That afternoon, Mr. Wolf was going on a hunt with some friends of his, so without further ado, Miss Fox ran for the burrows. She missed digging so much, she spent extra time and effort on the task. This led to a ghastly discovery: She found turtle carapaces everywhere — there must have been about seven! The connection was pretty clear. She immediately left Sloth a little message saying:
Something happened that’s forcing me to go on a perpetual adventure. Do come with me. Meet me behind the biggest rock at 7 sharp. I’m unable to wait a minute later.
Miss Fox ran back home before Mr. Wolf could discover where she had been. When she got there, he had just returned from his hunting trip and found her just outside of his den. She lied and said she was just looking for something she dropped on her way home from digging three days ago. Mr. Wolf had no way of proving it, but distrusted this. Still, he allowed her to go further and look for it, but didn’t let on his decision to furtively follow behind, find proof, and perhaps kill his dear girlfriend for her blatant disobedience.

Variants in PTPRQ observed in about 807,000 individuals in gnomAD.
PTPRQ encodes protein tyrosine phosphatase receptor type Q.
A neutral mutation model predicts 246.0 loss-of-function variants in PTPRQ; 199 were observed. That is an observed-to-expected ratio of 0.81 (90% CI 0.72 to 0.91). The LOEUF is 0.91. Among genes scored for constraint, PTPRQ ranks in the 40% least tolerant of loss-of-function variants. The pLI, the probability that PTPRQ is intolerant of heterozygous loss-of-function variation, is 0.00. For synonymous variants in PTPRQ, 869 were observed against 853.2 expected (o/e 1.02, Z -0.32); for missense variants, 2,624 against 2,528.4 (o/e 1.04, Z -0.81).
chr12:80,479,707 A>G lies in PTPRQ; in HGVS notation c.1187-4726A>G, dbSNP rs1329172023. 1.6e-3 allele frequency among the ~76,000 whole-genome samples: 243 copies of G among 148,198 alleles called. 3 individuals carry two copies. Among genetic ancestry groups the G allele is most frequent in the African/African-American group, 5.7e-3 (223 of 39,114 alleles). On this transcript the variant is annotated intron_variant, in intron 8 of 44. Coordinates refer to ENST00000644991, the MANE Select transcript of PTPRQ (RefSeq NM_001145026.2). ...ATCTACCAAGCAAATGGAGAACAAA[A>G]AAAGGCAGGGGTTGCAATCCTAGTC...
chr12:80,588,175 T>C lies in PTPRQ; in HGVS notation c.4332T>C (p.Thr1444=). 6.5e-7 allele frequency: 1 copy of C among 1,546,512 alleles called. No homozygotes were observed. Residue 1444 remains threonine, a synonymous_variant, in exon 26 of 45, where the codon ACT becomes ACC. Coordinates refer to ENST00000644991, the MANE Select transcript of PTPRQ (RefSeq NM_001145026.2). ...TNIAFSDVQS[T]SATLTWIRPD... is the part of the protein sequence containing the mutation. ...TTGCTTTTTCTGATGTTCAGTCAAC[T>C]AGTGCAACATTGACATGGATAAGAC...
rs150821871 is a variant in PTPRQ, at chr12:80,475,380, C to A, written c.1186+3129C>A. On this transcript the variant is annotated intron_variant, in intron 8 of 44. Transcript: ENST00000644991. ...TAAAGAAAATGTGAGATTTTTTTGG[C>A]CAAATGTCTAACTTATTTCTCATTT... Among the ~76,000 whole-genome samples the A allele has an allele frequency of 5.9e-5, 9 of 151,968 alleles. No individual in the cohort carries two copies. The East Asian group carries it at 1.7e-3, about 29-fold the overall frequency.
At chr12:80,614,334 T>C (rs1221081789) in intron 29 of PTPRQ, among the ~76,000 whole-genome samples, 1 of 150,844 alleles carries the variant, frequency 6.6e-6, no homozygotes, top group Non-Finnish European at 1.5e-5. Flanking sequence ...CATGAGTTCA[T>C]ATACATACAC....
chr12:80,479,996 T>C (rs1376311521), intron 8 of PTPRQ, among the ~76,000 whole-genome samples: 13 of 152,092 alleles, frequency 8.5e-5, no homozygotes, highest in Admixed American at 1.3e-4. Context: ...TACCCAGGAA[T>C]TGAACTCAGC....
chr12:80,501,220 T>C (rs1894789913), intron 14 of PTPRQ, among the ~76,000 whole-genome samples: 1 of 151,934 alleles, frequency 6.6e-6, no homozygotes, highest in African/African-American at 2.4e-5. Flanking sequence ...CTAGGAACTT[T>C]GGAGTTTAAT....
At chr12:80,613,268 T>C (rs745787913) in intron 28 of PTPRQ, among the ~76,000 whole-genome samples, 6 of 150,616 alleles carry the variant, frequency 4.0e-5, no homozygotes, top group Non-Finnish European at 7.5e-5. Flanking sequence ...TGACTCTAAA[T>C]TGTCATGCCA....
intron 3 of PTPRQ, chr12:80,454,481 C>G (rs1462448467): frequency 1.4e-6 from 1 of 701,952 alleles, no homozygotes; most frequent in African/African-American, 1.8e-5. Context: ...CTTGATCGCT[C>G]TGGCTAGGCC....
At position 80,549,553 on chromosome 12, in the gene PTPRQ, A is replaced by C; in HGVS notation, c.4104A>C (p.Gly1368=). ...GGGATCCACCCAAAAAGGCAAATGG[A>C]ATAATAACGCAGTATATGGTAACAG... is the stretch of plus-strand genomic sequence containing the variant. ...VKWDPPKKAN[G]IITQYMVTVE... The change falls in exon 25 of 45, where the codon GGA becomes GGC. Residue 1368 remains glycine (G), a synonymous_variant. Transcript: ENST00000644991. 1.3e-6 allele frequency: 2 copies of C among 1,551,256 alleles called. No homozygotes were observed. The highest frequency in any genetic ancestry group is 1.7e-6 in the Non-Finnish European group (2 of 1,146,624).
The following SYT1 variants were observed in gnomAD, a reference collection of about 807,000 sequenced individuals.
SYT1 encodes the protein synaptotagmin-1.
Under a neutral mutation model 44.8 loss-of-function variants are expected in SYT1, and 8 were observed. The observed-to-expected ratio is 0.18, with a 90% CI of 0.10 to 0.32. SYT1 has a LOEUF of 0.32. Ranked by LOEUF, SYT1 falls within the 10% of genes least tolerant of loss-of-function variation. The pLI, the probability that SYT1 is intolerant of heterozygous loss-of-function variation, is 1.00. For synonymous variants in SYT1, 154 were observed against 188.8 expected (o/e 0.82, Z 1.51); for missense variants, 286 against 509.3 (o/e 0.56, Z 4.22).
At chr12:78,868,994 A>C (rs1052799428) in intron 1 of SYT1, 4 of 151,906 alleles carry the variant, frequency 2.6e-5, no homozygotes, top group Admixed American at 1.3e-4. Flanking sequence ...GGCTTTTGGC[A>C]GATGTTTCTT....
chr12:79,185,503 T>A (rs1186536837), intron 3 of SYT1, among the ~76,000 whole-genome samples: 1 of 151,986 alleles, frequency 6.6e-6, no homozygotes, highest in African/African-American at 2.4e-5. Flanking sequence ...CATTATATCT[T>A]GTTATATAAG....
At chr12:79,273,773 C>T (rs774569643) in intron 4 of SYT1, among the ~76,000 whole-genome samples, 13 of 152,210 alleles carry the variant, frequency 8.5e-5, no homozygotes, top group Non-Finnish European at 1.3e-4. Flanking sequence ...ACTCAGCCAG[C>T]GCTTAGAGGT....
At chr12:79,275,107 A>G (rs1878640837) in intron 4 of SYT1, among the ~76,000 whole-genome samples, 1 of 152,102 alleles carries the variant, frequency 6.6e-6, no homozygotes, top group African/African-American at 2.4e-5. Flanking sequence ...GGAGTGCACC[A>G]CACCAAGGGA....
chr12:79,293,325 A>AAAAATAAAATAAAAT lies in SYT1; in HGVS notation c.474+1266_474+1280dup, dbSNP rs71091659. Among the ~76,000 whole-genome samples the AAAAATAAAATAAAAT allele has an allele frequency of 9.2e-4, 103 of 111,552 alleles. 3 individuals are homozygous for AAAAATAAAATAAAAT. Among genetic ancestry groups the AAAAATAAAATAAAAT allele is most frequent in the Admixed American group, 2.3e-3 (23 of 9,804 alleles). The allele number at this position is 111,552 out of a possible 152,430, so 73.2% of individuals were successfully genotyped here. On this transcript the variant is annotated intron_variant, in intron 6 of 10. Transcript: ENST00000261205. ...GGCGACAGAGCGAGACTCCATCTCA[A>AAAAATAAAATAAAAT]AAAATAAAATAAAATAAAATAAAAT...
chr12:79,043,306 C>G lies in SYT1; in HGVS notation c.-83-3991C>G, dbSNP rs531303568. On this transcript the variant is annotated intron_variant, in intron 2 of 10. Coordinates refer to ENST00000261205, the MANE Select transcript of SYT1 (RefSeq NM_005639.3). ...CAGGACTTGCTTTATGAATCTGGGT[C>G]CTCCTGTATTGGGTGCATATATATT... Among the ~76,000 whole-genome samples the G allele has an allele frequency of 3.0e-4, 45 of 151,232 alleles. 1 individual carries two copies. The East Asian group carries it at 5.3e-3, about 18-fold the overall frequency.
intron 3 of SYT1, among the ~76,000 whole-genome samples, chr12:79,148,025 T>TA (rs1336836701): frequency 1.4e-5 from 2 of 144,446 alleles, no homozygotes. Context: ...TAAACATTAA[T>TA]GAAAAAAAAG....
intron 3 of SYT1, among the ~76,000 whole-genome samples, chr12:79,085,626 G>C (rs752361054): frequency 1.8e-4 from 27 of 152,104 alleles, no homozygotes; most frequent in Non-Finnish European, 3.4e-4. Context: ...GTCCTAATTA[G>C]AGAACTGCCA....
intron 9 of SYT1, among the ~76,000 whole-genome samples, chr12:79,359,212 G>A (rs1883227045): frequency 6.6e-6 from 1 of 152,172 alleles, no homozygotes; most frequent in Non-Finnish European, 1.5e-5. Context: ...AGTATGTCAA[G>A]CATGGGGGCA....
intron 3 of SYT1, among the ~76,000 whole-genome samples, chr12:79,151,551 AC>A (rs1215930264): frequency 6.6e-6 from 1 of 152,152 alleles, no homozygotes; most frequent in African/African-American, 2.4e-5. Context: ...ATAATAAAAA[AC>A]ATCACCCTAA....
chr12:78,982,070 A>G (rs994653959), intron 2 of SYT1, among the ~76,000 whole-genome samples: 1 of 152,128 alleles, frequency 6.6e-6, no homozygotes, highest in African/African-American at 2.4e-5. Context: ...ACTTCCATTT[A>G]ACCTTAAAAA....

Luckily, her head start was enough for her to lose him — momentarily, anyway. She quietly waited behind the biggest rock on the plain.
At 7:02, there was no sign of Sloth. Sloth had read the note and it caused his heart to soar ecstatically. Unfortunately, he had fallen asleep in his burrow, deciding he would need the energy for the “perpetual adventure” with the fox of his dreams. On that note, the lure of dreaming of Miss Fox was also much too much for him to resist.
By 7:08, Mr. Wolf was starting to become visible in the distant plains. Flustered at her inability to wait for her gopher friend, she decided this was the time to flee. I mean, Mr. Wolf was a murderer.
She took off and never looked back for the safety of her life.